Following the recent trend of unusual narration in our studied texts, Sinha’s Animal’s People depicts the story of the fictional, poor city of Khaufpur, India following a poisonous chemical leakage, all of which is narrated through the taped voice of the protagonist, Animal. Interestingly, the protagonist himself is an unconventional character, as he repeatedly claims, “Je suis un animal” (40).
The protagonist endures his name and status as a devastating effect of the “Kampani’s” chemical leakage. As one of the survivors from the catastrophe, Animal experiences the toxic effects of the poisonous chemicals six years after the explosion, when his spine becomes deformed and forces him to walk on all fours, like a dog. The change in his physical form also causes him to change in his attitude towards others and himself. The relationship he has with his name provides insight to his character. Although he adamantly demands to be called “Animal,” he does not allow people to treat him as inferior. Rather, he stands his ground, which is displayed in the way he protects himself as a response to the attempts to tease him. Animal seems to be torn between the two worlds: human and primitive. This is reflected in the following passage:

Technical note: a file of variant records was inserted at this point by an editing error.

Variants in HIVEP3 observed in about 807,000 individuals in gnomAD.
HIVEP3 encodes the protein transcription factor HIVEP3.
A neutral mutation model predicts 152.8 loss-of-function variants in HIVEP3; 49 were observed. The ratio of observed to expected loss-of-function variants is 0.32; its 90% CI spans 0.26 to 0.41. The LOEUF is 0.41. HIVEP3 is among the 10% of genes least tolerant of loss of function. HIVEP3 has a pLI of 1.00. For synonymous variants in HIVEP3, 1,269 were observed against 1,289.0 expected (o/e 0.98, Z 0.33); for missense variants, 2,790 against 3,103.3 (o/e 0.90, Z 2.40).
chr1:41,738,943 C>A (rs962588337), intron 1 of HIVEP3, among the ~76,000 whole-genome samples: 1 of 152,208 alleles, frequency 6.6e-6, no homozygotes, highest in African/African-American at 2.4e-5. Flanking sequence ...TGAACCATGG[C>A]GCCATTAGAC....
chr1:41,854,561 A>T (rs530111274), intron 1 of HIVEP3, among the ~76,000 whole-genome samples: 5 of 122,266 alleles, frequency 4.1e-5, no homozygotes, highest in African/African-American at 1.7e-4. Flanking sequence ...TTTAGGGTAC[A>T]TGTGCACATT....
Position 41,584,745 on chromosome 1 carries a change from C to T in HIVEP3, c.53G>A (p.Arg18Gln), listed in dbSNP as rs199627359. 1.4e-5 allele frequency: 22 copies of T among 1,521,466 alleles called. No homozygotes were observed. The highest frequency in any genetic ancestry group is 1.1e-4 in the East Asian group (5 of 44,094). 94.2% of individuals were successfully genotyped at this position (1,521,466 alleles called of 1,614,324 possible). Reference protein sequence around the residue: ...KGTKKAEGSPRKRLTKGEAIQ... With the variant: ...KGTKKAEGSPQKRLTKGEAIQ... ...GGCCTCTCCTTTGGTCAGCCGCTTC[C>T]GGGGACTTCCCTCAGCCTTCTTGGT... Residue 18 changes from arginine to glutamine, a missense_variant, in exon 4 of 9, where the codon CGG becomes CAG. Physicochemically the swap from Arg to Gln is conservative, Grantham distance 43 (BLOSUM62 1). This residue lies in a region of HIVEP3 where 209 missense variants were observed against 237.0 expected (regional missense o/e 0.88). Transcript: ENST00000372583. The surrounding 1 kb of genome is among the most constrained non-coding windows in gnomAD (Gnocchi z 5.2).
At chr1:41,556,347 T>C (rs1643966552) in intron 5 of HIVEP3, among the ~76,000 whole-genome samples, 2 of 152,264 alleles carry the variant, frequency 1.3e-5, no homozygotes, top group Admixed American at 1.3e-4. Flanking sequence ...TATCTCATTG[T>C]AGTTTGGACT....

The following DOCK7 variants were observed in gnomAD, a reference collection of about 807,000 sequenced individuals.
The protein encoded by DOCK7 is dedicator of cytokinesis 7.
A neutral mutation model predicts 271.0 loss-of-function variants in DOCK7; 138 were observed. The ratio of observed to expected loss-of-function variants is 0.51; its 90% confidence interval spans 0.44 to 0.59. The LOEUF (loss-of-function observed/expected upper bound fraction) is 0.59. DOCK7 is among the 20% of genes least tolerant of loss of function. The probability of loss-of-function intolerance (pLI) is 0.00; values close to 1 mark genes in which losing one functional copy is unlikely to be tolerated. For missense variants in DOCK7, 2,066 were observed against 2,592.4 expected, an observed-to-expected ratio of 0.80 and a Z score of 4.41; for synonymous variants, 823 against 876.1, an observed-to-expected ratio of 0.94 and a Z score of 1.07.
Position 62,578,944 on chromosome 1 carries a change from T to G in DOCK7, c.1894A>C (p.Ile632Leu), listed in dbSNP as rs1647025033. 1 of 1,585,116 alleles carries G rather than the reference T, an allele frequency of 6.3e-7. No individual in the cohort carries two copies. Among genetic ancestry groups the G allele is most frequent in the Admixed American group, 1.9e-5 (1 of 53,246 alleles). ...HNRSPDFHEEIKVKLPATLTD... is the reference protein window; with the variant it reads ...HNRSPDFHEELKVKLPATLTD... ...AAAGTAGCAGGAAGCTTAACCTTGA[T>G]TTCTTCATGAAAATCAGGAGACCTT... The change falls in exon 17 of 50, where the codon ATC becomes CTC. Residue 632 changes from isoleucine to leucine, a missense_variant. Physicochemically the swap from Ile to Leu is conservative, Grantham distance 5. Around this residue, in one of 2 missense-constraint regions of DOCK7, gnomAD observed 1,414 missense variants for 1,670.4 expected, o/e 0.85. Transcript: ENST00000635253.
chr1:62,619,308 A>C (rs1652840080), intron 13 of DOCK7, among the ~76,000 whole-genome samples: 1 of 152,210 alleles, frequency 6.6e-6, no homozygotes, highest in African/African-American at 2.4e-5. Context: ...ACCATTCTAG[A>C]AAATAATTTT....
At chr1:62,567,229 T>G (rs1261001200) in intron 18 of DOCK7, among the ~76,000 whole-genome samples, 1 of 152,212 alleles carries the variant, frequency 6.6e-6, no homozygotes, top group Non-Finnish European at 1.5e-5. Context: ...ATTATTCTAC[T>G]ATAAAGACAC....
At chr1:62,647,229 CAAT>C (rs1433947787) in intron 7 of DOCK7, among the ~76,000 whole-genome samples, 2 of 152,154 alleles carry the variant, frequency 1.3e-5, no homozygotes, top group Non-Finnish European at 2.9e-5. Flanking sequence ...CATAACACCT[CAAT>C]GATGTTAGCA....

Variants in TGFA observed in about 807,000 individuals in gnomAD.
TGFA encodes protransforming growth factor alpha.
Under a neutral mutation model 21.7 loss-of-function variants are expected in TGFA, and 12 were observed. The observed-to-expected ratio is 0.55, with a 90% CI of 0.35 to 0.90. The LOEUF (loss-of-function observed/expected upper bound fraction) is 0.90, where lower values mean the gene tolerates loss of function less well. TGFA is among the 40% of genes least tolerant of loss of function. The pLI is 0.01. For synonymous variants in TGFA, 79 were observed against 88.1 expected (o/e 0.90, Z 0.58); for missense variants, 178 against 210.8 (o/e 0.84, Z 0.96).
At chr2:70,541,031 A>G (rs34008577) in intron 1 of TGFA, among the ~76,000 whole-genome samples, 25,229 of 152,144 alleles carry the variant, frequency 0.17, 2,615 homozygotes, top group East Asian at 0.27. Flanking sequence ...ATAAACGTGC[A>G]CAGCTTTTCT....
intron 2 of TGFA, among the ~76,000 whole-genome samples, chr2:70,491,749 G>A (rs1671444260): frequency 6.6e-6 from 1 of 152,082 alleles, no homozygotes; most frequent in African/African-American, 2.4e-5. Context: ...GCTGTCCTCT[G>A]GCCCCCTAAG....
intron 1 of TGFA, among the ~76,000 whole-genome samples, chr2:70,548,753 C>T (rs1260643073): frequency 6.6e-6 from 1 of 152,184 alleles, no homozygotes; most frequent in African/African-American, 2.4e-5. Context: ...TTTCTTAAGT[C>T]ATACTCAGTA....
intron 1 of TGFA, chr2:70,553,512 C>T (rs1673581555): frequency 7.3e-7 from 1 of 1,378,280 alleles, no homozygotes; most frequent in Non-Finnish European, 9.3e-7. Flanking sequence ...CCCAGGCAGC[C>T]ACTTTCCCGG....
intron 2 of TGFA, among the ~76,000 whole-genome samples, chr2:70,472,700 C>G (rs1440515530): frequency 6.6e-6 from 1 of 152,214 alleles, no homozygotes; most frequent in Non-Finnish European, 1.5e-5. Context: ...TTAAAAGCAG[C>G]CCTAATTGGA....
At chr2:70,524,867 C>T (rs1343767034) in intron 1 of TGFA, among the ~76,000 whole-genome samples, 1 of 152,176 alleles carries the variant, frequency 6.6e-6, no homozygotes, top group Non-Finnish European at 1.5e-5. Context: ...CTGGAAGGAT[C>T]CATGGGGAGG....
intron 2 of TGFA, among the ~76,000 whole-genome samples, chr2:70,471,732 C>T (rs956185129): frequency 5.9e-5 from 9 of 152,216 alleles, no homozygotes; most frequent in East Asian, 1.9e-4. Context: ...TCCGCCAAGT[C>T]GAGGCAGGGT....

““My name is Animal,” I say. “I’m not a fucking human being, I’ve no wish to be one.” This was my mantra, what I told everyone. Never did I mention my yearning to walk upright. It was the start of that long argument between Zafar and me about what was an animal and what it meant to be human” (23).
It almost seems as though Animal has to convince himself that he does not want to be viewed as a human. This behavior goes hand in hand with the jealousy he felt for everything that was able to walk, paralleled with his desire to be able to walk upright. Animal also succumbs to primitive, instinctive desires, and often justifies his decisions by reassuring himself that he is not human (87). Thus, before he meets Nisha and Zafar, he lives on the street performing elaborate scams until he agrees to work as a spy for Zafar. Even so, Animal’s success as an information scouter is mostly due to his ability to extract meaning from people’s unspoken thoughts and feelings, as well as through unfamiliar words. His subhuman (or arguably, superhuman) ability to read others and communicate with both people and animals (like his dog, Jara) suggests he is neither fully human nor beast, but is living in limbo between the two categories.